February 11, 2019
In case you missed our Eagles-only mock draft 1.0, you can find it here. As a reminder, the Eagles are projected to have nine draft picks this year, with two in the second round, and none in the third. Let's just get right to it.
Ferrell was a redshirt sophomore a season ago who could have come out and likely would have been a first-round pick, but he opted to stay at Clemson. His numbers:
Ferrell has ideal size at 6-foot-5, 260 pounds for a 4-3 defensive end at the NFL level. While he plays on a loaded Clemson defensive line, you can see in the below video that he creates his own pressure.
In addition to being a a good pass rusher, Ferrell plays hard and is also a good run defender, much like Derek Barnett when he came out in 2017.
With Brandon Graham potentially leaving in free agency this season, as well as Chris Long and Michael Bennett nearing the end of their careers, the Eagles badly need to reload at DE, a position of extreme importance in Jim Schwartz's scheme.
In three seasons at FAU, Singletary ran for 66 TDs (32 in 2017!) and over 4,000 yards.
Obviously, those numbers are nuts. Of course, the Eagles got burned by a highly productive, undersized running back recently when they drafted Donnel Pumphrey in the fourth round of the 2017 NFL Draft. Singletary isn't Pumphrey, as he breaks an extraordinarily high number of tackles. Per Dane Brugler of The Athletic:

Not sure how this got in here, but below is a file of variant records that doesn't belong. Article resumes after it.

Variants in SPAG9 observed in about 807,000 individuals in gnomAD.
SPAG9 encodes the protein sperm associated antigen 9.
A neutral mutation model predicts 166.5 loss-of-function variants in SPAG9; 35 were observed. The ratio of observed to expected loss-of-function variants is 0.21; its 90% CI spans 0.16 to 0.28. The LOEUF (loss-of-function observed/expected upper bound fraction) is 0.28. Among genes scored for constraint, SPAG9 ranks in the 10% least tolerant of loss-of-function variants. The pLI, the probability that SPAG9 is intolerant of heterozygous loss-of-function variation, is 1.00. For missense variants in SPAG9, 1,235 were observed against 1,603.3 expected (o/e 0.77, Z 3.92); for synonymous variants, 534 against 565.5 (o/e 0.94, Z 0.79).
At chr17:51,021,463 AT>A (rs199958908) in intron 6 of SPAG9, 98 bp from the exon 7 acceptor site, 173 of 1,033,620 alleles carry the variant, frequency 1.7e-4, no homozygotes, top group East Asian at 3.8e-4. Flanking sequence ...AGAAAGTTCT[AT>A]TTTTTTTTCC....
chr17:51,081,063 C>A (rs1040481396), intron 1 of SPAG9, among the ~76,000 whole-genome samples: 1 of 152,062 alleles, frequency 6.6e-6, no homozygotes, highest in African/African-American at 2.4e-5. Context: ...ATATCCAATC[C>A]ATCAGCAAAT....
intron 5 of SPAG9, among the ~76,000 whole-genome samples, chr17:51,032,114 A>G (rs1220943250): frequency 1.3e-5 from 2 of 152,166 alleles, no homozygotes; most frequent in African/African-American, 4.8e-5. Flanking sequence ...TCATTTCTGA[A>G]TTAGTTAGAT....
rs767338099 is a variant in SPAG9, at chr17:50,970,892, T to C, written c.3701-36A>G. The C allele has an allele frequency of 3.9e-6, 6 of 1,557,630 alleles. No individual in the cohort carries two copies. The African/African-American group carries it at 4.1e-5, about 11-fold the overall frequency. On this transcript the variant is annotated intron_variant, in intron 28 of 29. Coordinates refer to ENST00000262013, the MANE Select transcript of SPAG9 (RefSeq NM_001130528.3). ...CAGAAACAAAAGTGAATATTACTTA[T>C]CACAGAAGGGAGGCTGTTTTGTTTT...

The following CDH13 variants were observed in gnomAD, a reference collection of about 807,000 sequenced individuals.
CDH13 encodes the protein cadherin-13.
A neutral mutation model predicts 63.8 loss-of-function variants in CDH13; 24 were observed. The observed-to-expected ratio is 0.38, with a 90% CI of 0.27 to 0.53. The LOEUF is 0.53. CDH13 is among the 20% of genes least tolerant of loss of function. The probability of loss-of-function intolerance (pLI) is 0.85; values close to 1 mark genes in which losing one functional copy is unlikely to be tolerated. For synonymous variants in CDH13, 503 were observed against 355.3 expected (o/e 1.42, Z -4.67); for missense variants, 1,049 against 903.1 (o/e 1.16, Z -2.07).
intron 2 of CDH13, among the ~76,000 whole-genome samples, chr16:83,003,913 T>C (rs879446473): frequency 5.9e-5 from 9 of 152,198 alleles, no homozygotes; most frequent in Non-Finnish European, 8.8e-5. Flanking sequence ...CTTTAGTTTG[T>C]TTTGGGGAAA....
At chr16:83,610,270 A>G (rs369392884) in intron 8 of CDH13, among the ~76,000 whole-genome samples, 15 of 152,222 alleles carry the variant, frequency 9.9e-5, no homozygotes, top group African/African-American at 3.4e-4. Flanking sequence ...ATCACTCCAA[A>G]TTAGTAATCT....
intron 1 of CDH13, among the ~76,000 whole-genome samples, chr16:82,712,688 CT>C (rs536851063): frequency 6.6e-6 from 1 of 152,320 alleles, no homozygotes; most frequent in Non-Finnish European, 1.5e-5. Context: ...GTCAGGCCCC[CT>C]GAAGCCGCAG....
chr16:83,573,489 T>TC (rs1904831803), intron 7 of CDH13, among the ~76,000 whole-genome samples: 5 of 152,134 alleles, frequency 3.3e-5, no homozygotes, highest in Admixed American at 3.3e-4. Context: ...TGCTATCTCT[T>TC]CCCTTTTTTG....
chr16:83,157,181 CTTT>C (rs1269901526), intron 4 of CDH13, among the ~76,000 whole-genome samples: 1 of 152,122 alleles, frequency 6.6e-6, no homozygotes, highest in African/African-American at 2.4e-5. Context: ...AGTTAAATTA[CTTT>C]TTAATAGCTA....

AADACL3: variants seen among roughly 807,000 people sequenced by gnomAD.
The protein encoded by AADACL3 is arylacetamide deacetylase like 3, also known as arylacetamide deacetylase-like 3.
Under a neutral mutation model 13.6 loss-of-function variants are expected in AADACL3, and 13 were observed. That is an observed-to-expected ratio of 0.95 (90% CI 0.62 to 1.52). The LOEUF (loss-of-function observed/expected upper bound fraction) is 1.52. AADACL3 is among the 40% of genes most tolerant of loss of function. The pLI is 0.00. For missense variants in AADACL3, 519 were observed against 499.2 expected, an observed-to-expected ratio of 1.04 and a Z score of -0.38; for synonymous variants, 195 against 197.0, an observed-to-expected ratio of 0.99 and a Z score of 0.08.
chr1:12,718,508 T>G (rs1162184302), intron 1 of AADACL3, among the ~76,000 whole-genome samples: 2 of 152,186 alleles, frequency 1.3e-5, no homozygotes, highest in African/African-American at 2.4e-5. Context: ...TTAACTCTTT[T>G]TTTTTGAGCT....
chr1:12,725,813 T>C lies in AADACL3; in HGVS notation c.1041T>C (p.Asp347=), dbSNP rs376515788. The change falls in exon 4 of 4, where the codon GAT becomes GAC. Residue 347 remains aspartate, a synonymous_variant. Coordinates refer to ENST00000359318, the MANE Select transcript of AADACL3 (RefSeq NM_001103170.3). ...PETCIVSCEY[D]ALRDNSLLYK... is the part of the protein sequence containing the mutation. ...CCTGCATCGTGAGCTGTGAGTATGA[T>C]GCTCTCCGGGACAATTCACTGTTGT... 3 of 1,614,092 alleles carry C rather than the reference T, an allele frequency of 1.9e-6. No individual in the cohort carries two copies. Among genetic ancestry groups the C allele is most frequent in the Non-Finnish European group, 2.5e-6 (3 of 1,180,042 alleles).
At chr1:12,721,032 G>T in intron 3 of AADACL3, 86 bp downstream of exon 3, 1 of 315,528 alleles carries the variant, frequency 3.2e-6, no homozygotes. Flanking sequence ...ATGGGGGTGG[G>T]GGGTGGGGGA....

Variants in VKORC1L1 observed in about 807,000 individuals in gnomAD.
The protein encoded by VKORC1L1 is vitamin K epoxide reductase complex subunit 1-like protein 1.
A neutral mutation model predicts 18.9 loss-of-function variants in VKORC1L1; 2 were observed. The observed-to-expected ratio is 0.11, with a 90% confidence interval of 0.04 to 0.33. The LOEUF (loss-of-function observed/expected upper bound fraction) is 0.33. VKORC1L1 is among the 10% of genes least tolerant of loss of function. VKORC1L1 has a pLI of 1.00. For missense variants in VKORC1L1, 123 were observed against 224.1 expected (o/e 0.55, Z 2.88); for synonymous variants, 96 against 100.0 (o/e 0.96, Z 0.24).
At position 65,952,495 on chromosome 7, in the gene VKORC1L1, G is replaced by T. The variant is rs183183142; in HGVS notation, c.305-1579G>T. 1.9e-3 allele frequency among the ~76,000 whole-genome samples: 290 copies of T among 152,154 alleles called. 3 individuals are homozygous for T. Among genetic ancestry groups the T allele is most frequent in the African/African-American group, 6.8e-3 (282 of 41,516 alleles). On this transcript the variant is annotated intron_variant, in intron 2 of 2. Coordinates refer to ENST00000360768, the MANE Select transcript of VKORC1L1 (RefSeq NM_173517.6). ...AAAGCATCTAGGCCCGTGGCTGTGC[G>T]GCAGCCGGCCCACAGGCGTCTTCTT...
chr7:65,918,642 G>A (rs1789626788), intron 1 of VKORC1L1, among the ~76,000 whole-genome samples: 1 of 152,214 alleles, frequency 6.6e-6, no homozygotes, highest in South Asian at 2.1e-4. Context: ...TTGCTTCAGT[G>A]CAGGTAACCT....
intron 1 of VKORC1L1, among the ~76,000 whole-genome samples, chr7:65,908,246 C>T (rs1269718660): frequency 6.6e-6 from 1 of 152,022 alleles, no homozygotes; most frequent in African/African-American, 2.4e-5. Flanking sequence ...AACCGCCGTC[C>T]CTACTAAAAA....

With his lateral agility, widescreen vision and overall balance, Singletary has a unique feel for breaking tackles. According to Sports Info Solutions, he broke a FBS-best 113 tackles this season (30 more than any other player) with 941 yards after initial contact. Singletary doesn’t have ideal body armor on his frame, but he makes it extremely tough for defenders to get a clean hit on him. His tape has a ton of “whoa” moments.
Here's a highlight reel: